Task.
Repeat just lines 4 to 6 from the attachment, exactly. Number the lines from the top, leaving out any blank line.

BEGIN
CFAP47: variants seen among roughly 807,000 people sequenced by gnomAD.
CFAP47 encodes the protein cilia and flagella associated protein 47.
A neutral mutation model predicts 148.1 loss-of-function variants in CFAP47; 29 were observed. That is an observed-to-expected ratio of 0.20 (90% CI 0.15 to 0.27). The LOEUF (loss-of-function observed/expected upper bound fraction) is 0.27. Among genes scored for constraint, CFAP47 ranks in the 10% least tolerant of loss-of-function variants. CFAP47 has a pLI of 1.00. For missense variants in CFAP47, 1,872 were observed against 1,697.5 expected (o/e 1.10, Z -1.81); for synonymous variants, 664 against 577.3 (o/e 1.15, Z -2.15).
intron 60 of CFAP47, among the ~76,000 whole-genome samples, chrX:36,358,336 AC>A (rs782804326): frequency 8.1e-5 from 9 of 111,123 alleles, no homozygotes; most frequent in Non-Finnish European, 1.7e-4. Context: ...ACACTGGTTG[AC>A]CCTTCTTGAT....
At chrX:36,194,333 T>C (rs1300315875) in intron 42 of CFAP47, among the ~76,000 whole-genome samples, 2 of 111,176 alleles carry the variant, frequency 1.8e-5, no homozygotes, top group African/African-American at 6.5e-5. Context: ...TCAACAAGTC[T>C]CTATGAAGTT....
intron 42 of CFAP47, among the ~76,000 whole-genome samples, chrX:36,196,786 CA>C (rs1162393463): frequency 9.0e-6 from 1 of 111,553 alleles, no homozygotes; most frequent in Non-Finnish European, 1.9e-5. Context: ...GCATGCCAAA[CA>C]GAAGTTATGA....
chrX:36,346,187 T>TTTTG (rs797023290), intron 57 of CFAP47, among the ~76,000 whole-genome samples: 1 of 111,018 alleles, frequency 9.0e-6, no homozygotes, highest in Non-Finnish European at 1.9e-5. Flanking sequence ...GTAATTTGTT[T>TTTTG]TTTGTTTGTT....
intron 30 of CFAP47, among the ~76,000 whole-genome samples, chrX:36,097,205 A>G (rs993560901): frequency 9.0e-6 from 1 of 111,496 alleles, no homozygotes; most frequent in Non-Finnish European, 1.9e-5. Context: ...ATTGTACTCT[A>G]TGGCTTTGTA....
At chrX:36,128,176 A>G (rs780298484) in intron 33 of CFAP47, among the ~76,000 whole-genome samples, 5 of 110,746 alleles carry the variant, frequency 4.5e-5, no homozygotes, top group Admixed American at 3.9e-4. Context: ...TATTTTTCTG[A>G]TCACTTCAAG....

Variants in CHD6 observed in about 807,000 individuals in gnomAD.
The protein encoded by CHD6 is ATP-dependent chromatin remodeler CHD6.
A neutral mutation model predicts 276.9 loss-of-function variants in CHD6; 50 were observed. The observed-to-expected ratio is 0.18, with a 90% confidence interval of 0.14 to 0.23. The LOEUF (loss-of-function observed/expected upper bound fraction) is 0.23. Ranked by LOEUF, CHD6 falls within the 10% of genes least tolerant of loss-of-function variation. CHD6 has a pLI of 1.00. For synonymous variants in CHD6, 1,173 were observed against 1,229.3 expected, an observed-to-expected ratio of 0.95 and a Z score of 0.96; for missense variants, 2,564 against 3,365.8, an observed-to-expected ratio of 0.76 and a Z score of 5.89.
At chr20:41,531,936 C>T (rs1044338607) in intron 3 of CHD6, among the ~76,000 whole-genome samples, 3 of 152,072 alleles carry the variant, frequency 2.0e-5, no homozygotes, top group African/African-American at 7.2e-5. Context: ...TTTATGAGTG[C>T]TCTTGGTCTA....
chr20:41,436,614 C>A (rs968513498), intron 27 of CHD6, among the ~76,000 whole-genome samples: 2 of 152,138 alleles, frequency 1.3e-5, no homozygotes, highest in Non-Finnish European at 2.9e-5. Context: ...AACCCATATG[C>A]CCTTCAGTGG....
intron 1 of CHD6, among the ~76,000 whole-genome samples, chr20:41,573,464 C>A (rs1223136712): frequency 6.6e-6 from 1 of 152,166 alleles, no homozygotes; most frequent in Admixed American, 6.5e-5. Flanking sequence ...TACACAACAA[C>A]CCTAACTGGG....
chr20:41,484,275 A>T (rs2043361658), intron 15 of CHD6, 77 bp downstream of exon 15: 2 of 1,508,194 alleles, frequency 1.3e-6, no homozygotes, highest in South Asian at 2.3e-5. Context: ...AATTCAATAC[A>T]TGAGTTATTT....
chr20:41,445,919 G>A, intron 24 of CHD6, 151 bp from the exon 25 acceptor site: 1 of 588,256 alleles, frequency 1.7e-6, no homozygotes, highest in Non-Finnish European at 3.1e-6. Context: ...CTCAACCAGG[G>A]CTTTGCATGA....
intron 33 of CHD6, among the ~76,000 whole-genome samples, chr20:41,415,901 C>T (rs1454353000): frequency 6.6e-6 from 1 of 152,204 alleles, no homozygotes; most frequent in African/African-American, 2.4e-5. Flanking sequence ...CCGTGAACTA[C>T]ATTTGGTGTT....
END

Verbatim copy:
intron 60 of CFAP47, among the ~76,000 whole-genome samples, chrX:36,358,336 AC>A (rs782804326): frequency 8.1e-5 from 9 of 111,123 alleles, no homozygotes; most frequent in Non-Finnish European, 1.7e-4. Context: ...ACACTGGTTG[AC>A]CCTTCTTGAT....
At chrX:36,194,333 T>C (rs1300315875) in intron 42 of CFAP47, among the ~76,000 whole-genome samples, 2 of 111,176 alleles carry the variant, frequency 1.8e-5, no homozygotes, top group African/African-American at 6.5e-5. Context: ...TCAACAAGTC[T>C]CTATGAAGTT....
intron 42 of CFAP47, among the ~76,000 whole-genome samples, chrX:36,196,786 CA>C (rs1162393463): frequency 9.0e-6 from 1 of 111,553 alleles, no homozygotes; most frequent in Non-Finnish European, 1.9e-5. Context: ...GCATGCCAAA[CA>C]GAAGTTATGA....